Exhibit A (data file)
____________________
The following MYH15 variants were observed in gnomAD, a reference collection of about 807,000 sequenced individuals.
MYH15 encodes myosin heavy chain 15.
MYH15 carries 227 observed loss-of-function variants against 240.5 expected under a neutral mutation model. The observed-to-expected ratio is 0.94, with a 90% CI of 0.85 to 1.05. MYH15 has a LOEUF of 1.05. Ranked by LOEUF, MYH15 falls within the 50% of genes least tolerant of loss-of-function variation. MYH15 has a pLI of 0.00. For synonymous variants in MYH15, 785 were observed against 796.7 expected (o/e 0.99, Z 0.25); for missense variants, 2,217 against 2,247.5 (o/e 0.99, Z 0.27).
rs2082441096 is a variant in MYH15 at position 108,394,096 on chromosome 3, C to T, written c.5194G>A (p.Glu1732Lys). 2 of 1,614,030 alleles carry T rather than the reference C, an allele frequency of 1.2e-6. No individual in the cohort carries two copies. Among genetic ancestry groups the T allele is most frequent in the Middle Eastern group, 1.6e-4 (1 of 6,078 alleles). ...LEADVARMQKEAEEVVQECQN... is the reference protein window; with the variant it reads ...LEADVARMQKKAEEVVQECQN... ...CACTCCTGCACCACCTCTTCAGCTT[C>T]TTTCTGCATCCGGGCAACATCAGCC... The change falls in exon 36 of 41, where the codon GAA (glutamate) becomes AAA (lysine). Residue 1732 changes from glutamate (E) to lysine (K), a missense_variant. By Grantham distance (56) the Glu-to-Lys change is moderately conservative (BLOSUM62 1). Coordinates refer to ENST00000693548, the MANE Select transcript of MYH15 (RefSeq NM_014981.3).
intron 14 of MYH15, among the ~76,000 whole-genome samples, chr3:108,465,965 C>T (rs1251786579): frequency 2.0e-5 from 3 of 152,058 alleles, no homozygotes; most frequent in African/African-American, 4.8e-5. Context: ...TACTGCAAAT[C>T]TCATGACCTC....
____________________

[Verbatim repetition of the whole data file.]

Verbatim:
The following MYH15 variants were observed in gnomAD, a reference collection of about 807,000 sequenced individuals.
MYH15 encodes myosin heavy chain 15.
MYH15 carries 227 observed loss-of-function variants against 240.5 expected under a neutral mutation model. The observed-to-expected ratio is 0.94, with a 90% CI of 0.85 to 1.05. MYH15 has a LOEUF of 1.05. Ranked by LOEUF, MYH15 falls within the 50% of genes least tolerant of loss-of-function variation. MYH15 has a pLI of 0.00. For synonymous variants in MYH15, 785 were observed against 796.7 expected (o/e 0.99, Z 0.25); for missense variants, 2,217 against 2,247.5 (o/e 0.99, Z 0.27).
rs2082441096 is a variant in MYH15 at position 108,394,096 on chromosome 3, C to T, written c.5194G>A (p.Glu1732Lys). 2 of 1,614,030 alleles carry T rather than the reference C, an allele frequency of 1.2e-6. No individual in the cohort carries two copies. Among genetic ancestry groups the T allele is most frequent in the Middle Eastern group, 1.6e-4 (1 of 6,078 alleles). ...LEADVARMQKEAEEVVQECQN... is the reference protein window; with the variant it reads ...LEADVARMQKKAEEVVQECQN... ...CACTCCTGCACCACCTCTTCAGCTT[C>T]TTTCTGCATCCGGGCAACATCAGCC... The change falls in exon 36 of 41, where the codon GAA (glutamate) becomes AAA (lysine). Residue 1732 changes from glutamate (E) to lysine (K), a missense_variant. By Grantham distance (56) the Glu-to-Lys change is moderately conservative (BLOSUM62 1). Coordinates refer to ENST00000693548, the MANE Select transcript of MYH15 (RefSeq NM_014981.3).
intron 14 of MYH15, among the ~76,000 whole-genome samples, chr3:108,465,965 C>T (rs1251786579): frequency 2.0e-5 from 3 of 152,058 alleles, no homozygotes; most frequent in African/African-American, 4.8e-5. Context: ...TACTGCAAAT[C>T]TCATGACCTC....